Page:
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UNHCR, IOM, OHCHR and UNICEF deeply saddened at Venezuelan baby's death during interception at sea off Trinidad Tobago

UNHCR, IOM, OHCHR and UNICEF deeply saddened at Venezuelan baby's death during interception at sea off Trinidad Tobago

Joint press release
07 de febrero de 2022


UNHCR, the UN Refugee Agency, the Office of the United Nations High Commissioner for Human Rights (OHCHR), the International Organization for Migration (IOM) and UNICEF are deeply saddened by news of the death of a baby during an interception at sea off the southeast coast of the island of Trinidad on Sunday.

The vessel, which was transporting Venezuelans, was intercepted by the Trinidad and Tobago Coast Guard when it entered its maritime territory. According to the Coast Guard, a woman and an infant were injured in the incident. The woman was taken to a health facility. The infant regrettably died.

“We are deeply saddened by this tragedy and convey our heartfelt condolences to the family and loved ones who are grieving this loss and a speedy recovery to the injured. Nobody should have to lose their life in their search for safety, protection and new opportunities,” said Dr. Eduardo Stein, Joint Special Representative of UNHCR and IOM for Venezuelan refugees and migrants. “This incident highlights the plight faced by people on the move during desperate and dangerous journeys to safety.”

In the absence of sufficient safe pathways, many Venezuelan refugees and migrants are forced to resort to risky sea and land crossings, that have become even more complex as travel and health restrictions limit formal paths of entry. Pathways for entry and stay should be consistent with international human rights law and humanitarian considerations and include access to due process and procedural safeguards.

States parties to the Convention on the Rights of the Child must safeguard the rights of all children on their territory, irrespective of their nationality or status. Parents are oftentimes seeking a safer and brighter future for their children, and yet tragedies are all too common.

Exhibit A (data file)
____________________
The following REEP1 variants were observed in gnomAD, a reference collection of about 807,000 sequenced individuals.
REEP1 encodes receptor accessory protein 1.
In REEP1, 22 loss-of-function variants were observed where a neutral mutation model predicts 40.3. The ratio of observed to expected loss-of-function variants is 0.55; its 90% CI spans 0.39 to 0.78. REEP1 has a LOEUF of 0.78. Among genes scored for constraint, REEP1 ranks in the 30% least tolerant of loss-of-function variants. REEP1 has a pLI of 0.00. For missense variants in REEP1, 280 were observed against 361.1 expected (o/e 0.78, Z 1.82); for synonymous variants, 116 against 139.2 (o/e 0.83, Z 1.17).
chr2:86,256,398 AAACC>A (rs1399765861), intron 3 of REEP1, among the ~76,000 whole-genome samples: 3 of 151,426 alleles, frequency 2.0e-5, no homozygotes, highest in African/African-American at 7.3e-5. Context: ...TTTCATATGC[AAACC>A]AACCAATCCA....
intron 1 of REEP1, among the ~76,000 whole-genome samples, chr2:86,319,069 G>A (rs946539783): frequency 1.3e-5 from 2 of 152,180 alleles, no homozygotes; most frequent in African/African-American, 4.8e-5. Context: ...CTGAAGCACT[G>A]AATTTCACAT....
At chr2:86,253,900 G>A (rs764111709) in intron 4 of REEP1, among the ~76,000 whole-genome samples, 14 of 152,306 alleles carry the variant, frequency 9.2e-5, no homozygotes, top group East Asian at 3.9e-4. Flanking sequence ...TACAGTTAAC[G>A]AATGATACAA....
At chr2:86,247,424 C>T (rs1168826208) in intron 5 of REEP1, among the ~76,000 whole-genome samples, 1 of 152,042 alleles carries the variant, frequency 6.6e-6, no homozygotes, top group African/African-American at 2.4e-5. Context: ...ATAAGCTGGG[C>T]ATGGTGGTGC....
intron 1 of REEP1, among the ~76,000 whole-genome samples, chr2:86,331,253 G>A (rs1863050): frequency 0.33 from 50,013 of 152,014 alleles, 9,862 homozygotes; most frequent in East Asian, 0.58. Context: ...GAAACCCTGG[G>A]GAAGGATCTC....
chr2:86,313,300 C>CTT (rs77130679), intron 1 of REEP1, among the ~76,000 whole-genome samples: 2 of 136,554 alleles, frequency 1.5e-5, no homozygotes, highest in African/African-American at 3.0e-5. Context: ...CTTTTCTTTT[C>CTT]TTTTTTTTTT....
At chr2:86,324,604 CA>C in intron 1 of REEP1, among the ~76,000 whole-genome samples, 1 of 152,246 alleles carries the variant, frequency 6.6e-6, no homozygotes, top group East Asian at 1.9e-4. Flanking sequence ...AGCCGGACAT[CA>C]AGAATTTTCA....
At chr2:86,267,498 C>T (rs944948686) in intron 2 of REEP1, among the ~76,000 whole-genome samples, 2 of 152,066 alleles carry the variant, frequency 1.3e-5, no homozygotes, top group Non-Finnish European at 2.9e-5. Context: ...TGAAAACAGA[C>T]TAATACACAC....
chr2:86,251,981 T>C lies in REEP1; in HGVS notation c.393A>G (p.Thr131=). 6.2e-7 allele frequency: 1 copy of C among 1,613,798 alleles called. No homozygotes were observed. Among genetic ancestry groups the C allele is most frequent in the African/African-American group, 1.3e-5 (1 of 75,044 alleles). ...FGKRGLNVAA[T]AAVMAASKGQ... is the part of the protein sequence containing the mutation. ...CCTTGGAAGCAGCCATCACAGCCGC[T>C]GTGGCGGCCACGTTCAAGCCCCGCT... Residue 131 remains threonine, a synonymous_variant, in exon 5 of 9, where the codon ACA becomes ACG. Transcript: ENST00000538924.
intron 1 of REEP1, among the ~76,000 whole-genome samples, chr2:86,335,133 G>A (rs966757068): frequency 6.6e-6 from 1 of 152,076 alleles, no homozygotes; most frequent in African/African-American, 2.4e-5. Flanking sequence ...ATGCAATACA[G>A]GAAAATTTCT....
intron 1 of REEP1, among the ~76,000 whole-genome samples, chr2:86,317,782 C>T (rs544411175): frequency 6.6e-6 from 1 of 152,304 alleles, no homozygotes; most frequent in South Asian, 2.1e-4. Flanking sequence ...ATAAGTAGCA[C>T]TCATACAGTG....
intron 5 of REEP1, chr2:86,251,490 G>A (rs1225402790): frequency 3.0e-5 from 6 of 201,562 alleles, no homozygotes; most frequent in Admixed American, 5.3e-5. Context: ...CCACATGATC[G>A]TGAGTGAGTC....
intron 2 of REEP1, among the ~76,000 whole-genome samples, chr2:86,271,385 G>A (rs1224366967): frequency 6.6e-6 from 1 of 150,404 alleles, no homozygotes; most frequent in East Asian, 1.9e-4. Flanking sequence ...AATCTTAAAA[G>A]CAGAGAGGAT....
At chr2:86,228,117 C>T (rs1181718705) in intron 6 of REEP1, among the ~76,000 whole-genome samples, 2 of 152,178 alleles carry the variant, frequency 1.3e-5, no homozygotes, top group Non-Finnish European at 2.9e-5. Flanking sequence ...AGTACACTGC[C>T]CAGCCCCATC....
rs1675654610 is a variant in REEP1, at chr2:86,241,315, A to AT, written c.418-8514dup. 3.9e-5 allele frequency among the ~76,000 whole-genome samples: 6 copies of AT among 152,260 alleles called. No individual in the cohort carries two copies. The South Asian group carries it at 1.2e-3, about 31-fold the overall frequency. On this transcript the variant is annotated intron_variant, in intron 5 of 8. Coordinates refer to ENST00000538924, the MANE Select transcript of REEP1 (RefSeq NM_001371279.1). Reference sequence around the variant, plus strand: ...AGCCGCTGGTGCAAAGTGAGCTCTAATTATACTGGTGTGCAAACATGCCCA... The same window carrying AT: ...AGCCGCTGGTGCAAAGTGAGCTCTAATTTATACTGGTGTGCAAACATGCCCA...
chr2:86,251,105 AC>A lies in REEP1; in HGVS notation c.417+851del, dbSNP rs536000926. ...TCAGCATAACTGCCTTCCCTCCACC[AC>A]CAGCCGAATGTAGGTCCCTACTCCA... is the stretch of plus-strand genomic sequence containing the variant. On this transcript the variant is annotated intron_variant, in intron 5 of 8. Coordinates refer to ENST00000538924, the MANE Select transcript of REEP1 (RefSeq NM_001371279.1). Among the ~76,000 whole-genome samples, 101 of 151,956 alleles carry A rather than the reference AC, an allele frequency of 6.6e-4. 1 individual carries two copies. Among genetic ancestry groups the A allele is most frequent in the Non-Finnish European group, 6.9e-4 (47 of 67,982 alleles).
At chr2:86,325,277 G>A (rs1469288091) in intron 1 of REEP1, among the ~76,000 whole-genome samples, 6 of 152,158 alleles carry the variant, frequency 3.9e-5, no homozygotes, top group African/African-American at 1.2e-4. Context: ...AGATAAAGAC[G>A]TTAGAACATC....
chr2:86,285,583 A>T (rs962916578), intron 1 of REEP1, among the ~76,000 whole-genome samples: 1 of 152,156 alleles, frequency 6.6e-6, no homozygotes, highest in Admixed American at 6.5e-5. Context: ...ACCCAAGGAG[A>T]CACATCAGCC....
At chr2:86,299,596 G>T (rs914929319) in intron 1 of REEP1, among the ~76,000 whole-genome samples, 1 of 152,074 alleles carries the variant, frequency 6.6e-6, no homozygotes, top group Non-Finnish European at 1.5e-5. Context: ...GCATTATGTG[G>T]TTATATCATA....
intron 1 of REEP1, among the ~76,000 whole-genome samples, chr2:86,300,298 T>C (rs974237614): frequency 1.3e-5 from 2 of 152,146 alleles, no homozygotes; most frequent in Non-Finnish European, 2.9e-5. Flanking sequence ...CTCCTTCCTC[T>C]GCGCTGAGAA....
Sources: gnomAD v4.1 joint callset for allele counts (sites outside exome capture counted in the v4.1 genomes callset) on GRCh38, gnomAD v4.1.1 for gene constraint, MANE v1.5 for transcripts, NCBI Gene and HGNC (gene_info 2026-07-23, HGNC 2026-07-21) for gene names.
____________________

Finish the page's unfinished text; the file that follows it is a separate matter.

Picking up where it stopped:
“No migrant child should ever die, whether traveling with their parents or alone. No mother wants to put the lives of her children at risk on a small ship in the deep sea, unless she has no other option,” said Jean Gough, UNICEF Regional Director for Latin America and the Caribbean. “Two in three Venezuelans on the move are women and children. This tragic event is a stark reminder that they are the most vulnerable among the vulnerable. They deserve special attention, protection and safety – anywhere and anytime.”

UNHCR, IOM, OHCHR and UNICEF are appealing to States to establish mechanisms that will help protect the rights of people on the move – particularly women, girls, boys, and others with specific protection needs – including the right to have access to proper regularization and asylum procedures.

“To prevent these tragedies from happening again, safer pathways for refugees and migrants are needed,” Dr Stein said. “Systems that can ensure the safe and regularized entry of refugees and migrants can deter people from resorting to smugglers and will ultimately save lives.” 

“States should take measures to guarantee that the right to life of refugees and migrants is always respected. We call on the authorities to investigate this incident,” said Alberto Brunori, OHCHR Regional Representative for Central America and the English-Speaking Caribbean.

UNHCR, IOM, UNICEF and OHCHR have productive relationships with the Government of Trinidad and Tobago, including the Trinidad and Tobago Coast Guard. We reiterate our commitment to sharing our expertise and international human rights standards and experience and stand ready to lend technical assistance to Trinidad and Tobago to ensure access to protection and assistance is provided to all those affected by human mobility.

UNHCR, IOM, OHCHR and UNICEF offer their heartfelt condolences to the family and loved ones grieving this loss. Humanitarian assistance and support are being offered to help them during this time.

There are more than six million refugees and migrants from Venezuela around the world, the majority of whom are hosted by countries in Latin America and the Caribbean. According to the Regional Interagency Coordination Platform for refugees and migrants from Venezuela (R4V), in January 2022, there were approximately 28,500 Venezuelan refugees and migrants in Trinidad and Tobago.


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